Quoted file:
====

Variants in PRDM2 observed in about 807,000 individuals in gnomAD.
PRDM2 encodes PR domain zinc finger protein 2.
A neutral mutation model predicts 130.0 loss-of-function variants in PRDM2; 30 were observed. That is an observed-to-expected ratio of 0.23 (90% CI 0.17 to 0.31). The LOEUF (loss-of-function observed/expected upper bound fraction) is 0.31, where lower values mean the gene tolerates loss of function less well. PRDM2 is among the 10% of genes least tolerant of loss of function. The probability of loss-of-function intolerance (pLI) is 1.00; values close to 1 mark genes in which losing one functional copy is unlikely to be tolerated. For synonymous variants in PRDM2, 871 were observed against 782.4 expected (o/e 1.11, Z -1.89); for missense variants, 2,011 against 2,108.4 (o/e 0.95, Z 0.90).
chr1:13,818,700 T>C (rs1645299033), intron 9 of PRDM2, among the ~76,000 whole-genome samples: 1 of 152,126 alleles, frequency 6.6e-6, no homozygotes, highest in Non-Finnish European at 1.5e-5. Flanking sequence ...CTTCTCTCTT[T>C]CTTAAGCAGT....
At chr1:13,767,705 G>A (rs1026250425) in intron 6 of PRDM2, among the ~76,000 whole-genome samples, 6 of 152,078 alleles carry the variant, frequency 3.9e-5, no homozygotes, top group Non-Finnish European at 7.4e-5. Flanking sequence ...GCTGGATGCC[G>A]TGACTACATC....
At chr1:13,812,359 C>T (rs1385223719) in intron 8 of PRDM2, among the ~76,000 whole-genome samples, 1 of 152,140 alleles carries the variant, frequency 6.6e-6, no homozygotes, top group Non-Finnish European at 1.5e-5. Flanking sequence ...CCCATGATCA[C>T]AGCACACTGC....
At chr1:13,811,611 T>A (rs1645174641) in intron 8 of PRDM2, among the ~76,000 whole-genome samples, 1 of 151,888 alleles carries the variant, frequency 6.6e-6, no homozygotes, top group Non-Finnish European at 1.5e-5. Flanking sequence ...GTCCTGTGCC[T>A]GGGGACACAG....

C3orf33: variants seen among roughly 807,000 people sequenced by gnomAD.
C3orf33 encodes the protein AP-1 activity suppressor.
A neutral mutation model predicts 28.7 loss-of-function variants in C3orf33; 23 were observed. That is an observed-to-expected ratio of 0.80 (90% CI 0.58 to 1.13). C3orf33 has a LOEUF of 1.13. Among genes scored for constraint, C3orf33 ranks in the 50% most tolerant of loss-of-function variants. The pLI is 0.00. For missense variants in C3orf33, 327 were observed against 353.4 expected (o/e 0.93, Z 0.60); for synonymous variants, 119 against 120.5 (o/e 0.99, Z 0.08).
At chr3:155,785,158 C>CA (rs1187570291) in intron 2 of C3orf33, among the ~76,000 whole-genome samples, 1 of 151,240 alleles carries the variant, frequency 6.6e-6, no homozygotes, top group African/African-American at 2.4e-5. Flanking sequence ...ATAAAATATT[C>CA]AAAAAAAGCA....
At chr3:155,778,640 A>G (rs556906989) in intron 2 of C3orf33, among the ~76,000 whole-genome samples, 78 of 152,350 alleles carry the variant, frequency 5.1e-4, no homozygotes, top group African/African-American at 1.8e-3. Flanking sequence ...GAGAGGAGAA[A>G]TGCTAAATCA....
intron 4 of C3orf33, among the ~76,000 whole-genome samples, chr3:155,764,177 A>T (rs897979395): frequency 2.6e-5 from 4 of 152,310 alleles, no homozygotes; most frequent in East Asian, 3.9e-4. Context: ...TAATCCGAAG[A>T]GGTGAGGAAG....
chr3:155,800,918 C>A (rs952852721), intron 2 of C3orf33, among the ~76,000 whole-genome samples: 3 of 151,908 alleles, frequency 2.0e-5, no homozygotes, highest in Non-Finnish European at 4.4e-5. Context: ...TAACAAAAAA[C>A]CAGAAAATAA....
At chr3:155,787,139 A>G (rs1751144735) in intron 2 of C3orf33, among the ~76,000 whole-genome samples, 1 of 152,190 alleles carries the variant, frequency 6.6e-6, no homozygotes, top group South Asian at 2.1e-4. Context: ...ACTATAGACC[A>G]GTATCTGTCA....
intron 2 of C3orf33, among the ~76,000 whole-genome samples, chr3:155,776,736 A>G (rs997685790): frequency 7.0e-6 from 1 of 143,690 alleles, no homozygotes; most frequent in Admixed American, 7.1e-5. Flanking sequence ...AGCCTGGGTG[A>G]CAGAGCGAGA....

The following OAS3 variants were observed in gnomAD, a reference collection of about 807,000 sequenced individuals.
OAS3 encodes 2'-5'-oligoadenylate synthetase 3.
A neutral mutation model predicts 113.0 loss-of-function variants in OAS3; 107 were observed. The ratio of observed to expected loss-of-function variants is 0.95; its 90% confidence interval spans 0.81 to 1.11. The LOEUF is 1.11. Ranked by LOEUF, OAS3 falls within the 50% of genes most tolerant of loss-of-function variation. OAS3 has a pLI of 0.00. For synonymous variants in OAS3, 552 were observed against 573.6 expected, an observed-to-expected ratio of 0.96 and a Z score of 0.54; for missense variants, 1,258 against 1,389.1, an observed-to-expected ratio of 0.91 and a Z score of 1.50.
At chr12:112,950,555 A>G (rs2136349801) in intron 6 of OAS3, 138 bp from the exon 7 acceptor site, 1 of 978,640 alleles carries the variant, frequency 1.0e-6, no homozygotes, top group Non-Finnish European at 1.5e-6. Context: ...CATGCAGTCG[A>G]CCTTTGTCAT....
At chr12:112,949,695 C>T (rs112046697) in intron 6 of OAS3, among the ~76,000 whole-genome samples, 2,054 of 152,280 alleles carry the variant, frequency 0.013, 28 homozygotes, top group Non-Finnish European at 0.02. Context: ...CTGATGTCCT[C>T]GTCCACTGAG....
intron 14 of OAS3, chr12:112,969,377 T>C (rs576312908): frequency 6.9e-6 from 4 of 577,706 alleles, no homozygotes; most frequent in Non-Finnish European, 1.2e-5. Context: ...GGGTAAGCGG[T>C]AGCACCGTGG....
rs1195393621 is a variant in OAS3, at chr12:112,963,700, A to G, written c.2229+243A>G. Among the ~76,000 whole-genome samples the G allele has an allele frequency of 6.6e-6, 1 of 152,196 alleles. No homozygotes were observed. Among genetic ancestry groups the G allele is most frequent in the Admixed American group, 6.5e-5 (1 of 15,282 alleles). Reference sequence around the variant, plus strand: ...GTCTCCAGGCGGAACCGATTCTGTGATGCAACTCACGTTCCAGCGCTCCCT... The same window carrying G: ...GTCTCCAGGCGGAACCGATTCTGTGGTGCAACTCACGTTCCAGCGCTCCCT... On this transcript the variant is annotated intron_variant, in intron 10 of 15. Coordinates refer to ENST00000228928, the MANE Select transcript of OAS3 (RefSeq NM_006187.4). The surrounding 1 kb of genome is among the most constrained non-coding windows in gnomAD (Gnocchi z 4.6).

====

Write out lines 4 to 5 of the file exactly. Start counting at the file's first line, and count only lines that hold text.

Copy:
chr1:13,818,700 T>C (rs1645299033), intron 9 of PRDM2, among the ~76,000 whole-genome samples: 1 of 152,126 alleles, frequency 6.6e-6, no homozygotes, highest in Non-Finnish European at 1.5e-5. Flanking sequence ...CTTCTCTCTT[T>C]CTTAAGCAGT....
At chr1:13,767,705 G>A (rs1026250425) in intron 6 of PRDM2, among the ~76,000 whole-genome samples, 6 of 152,078 alleles carry the variant, frequency 3.9e-5, no homozygotes, top group Non-Finnish European at 7.4e-5. Flanking sequence ...GCTGGATGCC[G>A]TGACTACATC....